Orders, Decorations, Medals and Militaria (6 July 2004)

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Date of Auction: 6th July 2004

Sold for £2,100

Estimate: £900 - £1,200

Naval General Service 1793-1840, 1 clasp, Algiers (Robt. Henry, 2nd Lieut., R.M.) good very fine £900-1200


Robert Henry was commissioned 2nd Lieutenant in the Royal Marine Artillery in 1811. He commanded the R.M.A. detachment aboard the bomb-vessel Aetna, which joined the bomb-vessels Meteor and Devastation in September 1813, in aiding the Prussians and Russians in the siege of the fortress of Danzig - held by the French in the wake of their disastrous retreat from Russia. Danzig surrendered to the allied forces in November 1813 after eleven months blockade and siege. Henry then served with the R.M.A. forces in Holland, landing in South Beveland in December 1813 and participating in actions with the French garrison at Bathz.

Lieutenant Henry next saw action in the final stages of the ‘War of 1812’. In preparation for the New Orleans Campaign, Henry, as second in command to Major Nicolls (“Fighting Nicholls”), was sent with a party of R.M.A. and Creek and Choctaw Indians on a special operation to Pensacola, Florida. The aim was to draw off American strength from the New Orleans area to the west by arming local Indians and escaped slaves who were believed to be eager to join the British. However, because the Creeks and Choctaws had recently been heavily defeated by the Americans, the expected support was not forthcoming. In conjunction with the navy, Nicholls and his force then took part in the bombardment of Fort Bowyer, west of Pensacola, on the eastern point of Mobile Bay; the Navy hoping to use the bay as a base of operations for the attack on New Orleans. Landing on 15 September 1814, Lieutenant Henry commanded two howitzers together with their R.M.A. gun crew. In the ensuing action one of the ships, the
Hermes, ran aground, was severely damaged and had to be destroyed. As a result, the attempt upon the fort was abandoned; the Navy withdrew and Nicholls, Henry and their men made for the old and disused Spanish fort of Barancas. Three weeks later a strong American force appeared. Nicholls held the fort as long as possible before blowing it up; then evading the Americans, made off and rejoined the naval force of Vice-Admiral Cochrane.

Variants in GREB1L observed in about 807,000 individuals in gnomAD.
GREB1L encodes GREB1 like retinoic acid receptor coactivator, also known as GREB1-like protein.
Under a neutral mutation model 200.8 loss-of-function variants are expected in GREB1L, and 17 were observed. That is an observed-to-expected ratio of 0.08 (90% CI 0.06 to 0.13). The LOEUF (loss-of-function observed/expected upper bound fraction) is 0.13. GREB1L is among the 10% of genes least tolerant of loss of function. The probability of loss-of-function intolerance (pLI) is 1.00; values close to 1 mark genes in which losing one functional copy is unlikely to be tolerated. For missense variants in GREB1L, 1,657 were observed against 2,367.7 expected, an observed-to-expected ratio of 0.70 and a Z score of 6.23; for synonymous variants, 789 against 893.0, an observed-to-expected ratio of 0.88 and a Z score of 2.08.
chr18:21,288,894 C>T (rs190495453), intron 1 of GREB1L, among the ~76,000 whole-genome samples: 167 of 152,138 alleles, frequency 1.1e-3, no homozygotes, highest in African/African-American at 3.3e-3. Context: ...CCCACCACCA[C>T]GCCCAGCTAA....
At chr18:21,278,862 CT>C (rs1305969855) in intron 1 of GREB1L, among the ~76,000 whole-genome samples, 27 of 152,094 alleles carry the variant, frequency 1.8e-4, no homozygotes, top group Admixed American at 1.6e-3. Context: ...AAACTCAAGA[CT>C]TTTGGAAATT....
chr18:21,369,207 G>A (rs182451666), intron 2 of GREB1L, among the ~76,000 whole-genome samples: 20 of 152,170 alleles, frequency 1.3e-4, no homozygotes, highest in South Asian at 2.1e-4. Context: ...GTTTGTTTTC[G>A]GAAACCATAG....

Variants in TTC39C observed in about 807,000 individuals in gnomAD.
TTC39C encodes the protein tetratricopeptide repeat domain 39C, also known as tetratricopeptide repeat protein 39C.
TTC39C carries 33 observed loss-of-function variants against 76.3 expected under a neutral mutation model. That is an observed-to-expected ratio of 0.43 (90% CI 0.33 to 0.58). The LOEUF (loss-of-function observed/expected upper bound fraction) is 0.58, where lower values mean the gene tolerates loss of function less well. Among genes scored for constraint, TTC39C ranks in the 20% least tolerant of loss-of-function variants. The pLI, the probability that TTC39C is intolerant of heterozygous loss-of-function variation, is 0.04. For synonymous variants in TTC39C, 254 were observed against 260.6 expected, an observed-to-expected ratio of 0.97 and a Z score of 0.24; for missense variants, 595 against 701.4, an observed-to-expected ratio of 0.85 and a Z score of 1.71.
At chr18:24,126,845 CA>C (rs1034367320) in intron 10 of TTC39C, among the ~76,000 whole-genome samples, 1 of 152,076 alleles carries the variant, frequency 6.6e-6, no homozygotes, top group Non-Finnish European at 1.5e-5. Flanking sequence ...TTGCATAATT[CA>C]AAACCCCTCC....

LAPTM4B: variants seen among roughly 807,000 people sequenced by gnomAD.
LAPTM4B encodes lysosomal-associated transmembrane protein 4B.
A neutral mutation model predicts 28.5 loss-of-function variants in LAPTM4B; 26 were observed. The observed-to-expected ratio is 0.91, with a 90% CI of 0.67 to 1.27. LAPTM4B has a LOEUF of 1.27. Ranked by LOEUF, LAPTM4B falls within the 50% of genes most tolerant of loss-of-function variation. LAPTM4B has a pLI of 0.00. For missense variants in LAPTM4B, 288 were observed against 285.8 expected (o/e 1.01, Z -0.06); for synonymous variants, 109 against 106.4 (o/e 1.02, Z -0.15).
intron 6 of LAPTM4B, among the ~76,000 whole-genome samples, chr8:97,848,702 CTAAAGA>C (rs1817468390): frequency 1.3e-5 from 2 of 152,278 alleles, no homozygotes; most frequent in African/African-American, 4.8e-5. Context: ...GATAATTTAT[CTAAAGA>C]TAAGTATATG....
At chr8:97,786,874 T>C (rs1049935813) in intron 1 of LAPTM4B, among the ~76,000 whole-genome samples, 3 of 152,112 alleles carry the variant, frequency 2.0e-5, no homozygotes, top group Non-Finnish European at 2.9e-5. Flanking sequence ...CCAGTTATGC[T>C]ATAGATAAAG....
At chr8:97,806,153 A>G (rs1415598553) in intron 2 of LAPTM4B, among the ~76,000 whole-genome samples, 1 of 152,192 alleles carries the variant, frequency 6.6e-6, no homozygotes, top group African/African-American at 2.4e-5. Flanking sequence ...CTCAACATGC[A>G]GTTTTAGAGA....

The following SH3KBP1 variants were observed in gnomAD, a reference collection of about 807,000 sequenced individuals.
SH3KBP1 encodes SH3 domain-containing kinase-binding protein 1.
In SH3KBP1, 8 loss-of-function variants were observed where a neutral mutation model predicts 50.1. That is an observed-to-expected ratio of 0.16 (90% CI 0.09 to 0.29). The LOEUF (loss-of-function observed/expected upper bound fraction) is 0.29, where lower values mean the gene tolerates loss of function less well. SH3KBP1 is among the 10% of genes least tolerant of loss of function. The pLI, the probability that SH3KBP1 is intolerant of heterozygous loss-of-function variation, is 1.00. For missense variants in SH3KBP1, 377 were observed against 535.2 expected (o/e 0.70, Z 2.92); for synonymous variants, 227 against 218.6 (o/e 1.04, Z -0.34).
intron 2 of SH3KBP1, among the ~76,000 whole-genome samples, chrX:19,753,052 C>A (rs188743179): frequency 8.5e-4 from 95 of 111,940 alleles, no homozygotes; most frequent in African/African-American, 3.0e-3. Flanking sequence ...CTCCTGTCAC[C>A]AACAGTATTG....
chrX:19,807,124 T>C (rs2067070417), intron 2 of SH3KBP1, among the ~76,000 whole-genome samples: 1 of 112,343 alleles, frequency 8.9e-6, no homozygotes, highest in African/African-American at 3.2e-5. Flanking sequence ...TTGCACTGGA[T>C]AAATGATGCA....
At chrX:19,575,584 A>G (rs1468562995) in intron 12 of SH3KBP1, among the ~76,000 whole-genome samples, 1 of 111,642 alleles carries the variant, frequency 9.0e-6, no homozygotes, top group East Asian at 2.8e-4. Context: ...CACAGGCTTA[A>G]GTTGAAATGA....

In the New Orleans campaign Lieutenant Henry commanded the R.M.A. detachment aboard the bomb-vessel
Volcano. The bomb-vessels Volcano and Aetna, together with the Herald, Pigmy and Thistle attempted to sail up the Mississippi to New Orleans in support of the Army under Major-General Pakenham. Difficulty in navigating the river, with its shifting sandbanks and tortuous channels, so delayed progress that it was not until 9 January 1815, a day after the battle of New Orleans had been fought, that the ships made it to Fort St. Philip, the major American defensive position on the river. Action was joined between the ships and the fort and continued until 17 January when word was received of the earlier land battle and as a consequence the ships were withdrawn. The Volcano with Henry aboard then rejoined Admiral Cochrane’s squadron off Mobile Bay, in time to witness the surrender of Fort Bowyer on 12 February. Soon after, news of the Peace of Ghent was received and the squadron withdrew.

In 1816, Lieutenant Henry commanded the R.M.A. contingent aboard the bomb-vessel
Beelzebub and was present at the bombardment of Algiers. Out of the nine R.M.A. officers present at the action, he was one of the three to receive the Algiers clasp to the Naval General Service Medal. Lord Exmouth, commanding at Algiers, in a letter to Lieutenant-Colonel Sir Richard Williams wrote of the officers and men of the R.M.A., ‘I should be very ungrateful, My Dear Friend, if I neglected to thank you for the care you took in selecting for the service I was ordered upon the best Officers and Men I ever saw during my service. Indeed, My Dear Sir Richard, you proved yourself a real and sincere friend to me. Captain Burton, poor fellow, has been wounded, he has been a treasure to me in every respect. One fine fellow (Lieut. Bissett, R.M.A.) has been killed. I can assure you that all the officers did you full justice - they all knew their duty and performed it well.’

Henry was promoted Lieutenant in 1824. A year later he was ordered to the Eastern Mediterranean at the time of the war with Turkey in Greece. He attained the rank of Captain in 1837 and died in 1850. Sold with copied research.